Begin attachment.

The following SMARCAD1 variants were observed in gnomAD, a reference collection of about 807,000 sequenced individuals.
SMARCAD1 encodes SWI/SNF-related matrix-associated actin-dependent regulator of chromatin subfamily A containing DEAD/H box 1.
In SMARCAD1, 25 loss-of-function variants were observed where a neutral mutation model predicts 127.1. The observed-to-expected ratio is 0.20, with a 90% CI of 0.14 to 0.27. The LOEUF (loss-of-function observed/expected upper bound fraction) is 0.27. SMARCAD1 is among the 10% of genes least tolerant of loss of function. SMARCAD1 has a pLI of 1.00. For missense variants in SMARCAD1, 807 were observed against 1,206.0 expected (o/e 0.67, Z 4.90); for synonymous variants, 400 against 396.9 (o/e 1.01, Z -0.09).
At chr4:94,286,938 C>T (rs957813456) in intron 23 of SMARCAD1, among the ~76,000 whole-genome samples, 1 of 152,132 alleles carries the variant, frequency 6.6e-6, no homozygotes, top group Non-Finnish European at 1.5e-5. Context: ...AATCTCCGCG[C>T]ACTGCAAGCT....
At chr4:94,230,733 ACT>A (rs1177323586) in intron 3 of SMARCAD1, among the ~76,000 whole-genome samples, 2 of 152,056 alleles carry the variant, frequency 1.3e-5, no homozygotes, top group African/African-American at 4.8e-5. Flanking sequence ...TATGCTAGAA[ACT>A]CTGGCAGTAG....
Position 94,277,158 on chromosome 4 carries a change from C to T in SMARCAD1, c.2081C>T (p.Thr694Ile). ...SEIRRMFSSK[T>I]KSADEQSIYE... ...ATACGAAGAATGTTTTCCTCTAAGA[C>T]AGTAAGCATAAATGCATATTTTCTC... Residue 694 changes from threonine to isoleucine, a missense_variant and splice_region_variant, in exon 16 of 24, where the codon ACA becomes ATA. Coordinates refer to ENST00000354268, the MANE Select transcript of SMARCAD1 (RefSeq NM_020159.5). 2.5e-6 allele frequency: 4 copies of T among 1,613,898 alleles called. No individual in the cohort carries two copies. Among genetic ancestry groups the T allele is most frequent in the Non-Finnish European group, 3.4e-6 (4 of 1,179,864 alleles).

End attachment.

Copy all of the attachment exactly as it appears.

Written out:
The following SMARCAD1 variants were observed in gnomAD, a reference collection of about 807,000 sequenced individuals.
SMARCAD1 encodes SWI/SNF-related matrix-associated actin-dependent regulator of chromatin subfamily A containing DEAD/H box 1.
In SMARCAD1, 25 loss-of-function variants were observed where a neutral mutation model predicts 127.1. The observed-to-expected ratio is 0.20, with a 90% CI of 0.14 to 0.27. The LOEUF (loss-of-function observed/expected upper bound fraction) is 0.27. SMARCAD1 is among the 10% of genes least tolerant of loss of function. SMARCAD1 has a pLI of 1.00. For missense variants in SMARCAD1, 807 were observed against 1,206.0 expected (o/e 0.67, Z 4.90); for synonymous variants, 400 against 396.9 (o/e 1.01, Z -0.09).
At chr4:94,286,938 C>T (rs957813456) in intron 23 of SMARCAD1, among the ~76,000 whole-genome samples, 1 of 152,132 alleles carries the variant, frequency 6.6e-6, no homozygotes, top group Non-Finnish European at 1.5e-5. Context: ...AATCTCCGCG[C>T]ACTGCAAGCT....
At chr4:94,230,733 ACT>A (rs1177323586) in intron 3 of SMARCAD1, among the ~76,000 whole-genome samples, 2 of 152,056 alleles carry the variant, frequency 1.3e-5, no homozygotes, top group African/African-American at 4.8e-5. Flanking sequence ...TATGCTAGAA[ACT>A]CTGGCAGTAG....
Position 94,277,158 on chromosome 4 carries a change from C to T in SMARCAD1, c.2081C>T (p.Thr694Ile). ...SEIRRMFSSK[T>I]KSADEQSIYE... ...ATACGAAGAATGTTTTCCTCTAAGA[C>T]AGTAAGCATAAATGCATATTTTCTC... Residue 694 changes from threonine to isoleucine, a missense_variant and splice_region_variant, in exon 16 of 24, where the codon ACA becomes ATA. Coordinates refer to ENST00000354268, the MANE Select transcript of SMARCAD1 (RefSeq NM_020159.5). 2.5e-6 allele frequency: 4 copies of T among 1,613,898 alleles called. No individual in the cohort carries two copies. Among genetic ancestry groups the T allele is most frequent in the Non-Finnish European group, 3.4e-6 (4 of 1,179,864 alleles).